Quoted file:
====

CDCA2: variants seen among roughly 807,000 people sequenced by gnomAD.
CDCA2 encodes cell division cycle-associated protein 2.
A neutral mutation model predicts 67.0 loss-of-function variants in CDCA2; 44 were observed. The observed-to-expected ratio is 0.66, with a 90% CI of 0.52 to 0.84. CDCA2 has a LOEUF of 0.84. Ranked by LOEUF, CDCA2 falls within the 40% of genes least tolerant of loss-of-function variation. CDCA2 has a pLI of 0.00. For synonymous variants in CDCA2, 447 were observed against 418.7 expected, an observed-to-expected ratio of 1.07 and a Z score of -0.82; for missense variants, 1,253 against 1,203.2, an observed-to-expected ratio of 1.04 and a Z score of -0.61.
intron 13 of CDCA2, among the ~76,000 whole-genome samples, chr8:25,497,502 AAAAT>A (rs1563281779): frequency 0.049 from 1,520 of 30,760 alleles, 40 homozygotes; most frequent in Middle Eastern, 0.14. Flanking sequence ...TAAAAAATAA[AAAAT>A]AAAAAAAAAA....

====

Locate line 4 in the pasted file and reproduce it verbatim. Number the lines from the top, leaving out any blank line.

intron 13 of CDCA2, among the ~76,000 whole-genome samples, chr8:25,497,502 AAAAT>A (rs1563281779): frequency 0.049 from 1,520 of 30,760 alleles, 40 homozygotes; most frequent in Middle Eastern, 0.14. Flanking sequence ...TAAAAAATAA[AAAAT>A]AAAAAAAAAA....